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Gregory J. O’Meara, S.J., He Speaks Not, Yet He Says Everything; What of That?: Text, Context, and Pretext in State v. Jeffrey Dahmer, 87 Denv. U. L. Rev. 97 (2009)

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87 Denver University Law Review 97 (2009)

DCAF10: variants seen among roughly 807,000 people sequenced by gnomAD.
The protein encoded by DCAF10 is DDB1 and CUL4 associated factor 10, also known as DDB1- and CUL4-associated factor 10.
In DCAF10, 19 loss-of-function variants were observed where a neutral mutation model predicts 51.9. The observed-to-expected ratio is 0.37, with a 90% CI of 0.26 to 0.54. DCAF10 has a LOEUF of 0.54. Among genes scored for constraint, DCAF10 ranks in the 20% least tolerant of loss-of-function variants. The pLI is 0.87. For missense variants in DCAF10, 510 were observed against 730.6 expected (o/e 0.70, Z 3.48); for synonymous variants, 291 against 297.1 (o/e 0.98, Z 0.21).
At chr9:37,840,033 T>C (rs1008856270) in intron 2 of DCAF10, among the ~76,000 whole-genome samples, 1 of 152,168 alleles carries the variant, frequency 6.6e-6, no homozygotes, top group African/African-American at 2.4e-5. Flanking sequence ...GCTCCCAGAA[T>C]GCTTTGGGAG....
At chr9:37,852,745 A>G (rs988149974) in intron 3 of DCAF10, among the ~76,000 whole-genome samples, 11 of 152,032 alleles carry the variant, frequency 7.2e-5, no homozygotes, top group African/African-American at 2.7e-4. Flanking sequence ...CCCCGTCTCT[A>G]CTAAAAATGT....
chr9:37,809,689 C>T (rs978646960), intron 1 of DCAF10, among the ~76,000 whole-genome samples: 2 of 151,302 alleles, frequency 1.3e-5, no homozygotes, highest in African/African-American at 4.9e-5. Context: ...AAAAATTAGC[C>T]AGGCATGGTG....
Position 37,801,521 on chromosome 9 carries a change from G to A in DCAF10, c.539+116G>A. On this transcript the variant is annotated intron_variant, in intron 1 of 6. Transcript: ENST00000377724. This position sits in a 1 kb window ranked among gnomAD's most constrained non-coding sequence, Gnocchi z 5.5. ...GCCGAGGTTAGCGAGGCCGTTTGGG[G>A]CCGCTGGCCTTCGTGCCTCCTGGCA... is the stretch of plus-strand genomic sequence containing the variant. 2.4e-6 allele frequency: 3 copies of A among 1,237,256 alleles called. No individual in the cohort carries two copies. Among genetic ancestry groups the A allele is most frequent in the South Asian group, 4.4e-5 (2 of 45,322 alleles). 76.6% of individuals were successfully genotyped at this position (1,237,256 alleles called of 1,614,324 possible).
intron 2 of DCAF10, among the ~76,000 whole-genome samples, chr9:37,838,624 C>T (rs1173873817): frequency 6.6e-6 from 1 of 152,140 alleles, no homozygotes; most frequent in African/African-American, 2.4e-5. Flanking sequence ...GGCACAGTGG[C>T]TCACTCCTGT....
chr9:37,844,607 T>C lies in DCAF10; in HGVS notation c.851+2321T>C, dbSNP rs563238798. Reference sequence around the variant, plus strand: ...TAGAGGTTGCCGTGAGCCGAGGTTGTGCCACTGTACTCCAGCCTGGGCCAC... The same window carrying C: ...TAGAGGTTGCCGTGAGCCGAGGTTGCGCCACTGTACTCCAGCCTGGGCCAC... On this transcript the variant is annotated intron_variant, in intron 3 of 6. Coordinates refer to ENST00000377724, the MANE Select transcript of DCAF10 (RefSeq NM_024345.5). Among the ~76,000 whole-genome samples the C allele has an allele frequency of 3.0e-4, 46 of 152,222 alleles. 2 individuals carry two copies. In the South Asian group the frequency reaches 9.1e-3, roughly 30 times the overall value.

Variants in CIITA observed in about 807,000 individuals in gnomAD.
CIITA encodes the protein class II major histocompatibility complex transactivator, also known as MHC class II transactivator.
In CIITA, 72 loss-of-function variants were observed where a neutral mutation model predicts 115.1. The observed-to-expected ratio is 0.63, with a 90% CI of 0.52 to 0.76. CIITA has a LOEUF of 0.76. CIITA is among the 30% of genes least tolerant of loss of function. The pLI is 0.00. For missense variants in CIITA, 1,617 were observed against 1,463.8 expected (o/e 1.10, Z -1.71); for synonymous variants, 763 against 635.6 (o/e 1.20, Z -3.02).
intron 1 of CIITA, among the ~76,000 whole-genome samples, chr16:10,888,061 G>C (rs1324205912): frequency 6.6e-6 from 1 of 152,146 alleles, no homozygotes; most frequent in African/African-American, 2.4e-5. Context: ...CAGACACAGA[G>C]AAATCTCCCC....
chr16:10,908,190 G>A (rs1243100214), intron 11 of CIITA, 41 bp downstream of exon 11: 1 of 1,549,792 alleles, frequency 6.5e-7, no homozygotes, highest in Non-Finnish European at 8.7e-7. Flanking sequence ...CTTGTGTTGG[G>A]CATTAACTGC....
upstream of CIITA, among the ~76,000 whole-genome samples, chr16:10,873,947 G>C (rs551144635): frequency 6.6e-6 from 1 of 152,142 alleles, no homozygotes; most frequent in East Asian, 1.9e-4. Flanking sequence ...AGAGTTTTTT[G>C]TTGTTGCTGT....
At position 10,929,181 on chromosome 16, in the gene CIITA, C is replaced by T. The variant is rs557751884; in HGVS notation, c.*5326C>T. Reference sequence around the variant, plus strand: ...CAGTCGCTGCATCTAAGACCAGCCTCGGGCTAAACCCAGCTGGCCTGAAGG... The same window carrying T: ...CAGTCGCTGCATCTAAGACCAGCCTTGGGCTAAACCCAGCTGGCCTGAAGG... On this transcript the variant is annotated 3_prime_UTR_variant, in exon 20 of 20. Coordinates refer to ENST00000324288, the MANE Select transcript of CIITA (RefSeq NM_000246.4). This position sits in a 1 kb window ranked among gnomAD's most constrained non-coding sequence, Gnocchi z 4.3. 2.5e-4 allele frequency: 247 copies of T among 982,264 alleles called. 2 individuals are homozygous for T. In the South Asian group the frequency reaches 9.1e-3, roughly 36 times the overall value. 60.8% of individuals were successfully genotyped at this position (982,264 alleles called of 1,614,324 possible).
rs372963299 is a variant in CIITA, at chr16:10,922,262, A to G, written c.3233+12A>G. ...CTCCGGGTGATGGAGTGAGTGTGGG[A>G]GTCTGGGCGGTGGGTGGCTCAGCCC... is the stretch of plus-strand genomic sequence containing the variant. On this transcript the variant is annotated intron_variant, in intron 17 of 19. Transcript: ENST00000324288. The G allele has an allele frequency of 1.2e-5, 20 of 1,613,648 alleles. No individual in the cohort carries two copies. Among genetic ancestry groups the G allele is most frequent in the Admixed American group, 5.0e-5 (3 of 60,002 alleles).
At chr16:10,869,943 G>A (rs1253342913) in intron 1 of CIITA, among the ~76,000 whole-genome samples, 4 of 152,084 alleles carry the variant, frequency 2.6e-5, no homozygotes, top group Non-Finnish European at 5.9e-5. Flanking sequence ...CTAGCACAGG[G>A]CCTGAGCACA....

In State v. Dahmer, the defense attempted to lead the jury through a series of inferences to conclude that the defendant was insane at the time he committed each of the fifteen murders charged; it portrayed a client who was fully cooperative and honest once the authorities arrested him. To make this approach work, the defense needed narrative distance between the defendant and the jury so he could not be cross examined about his meticulous planning of each murder or his prior inconsistent statements. This paper briefly lays out the development of the defense of insanity, focusing on the different professional aims of law and psychiatry. It then fleshes out how this tension emerged during the Dahmer trial and analyzes how the attorneys attempted to exploit it in terms of Paul Ricoeur's narrative theory. It concludes that the defense was ultimately unsuccessful because it failed to give the jury an adequate context for understanding a life both as ordinary and complex as Dahmer's.

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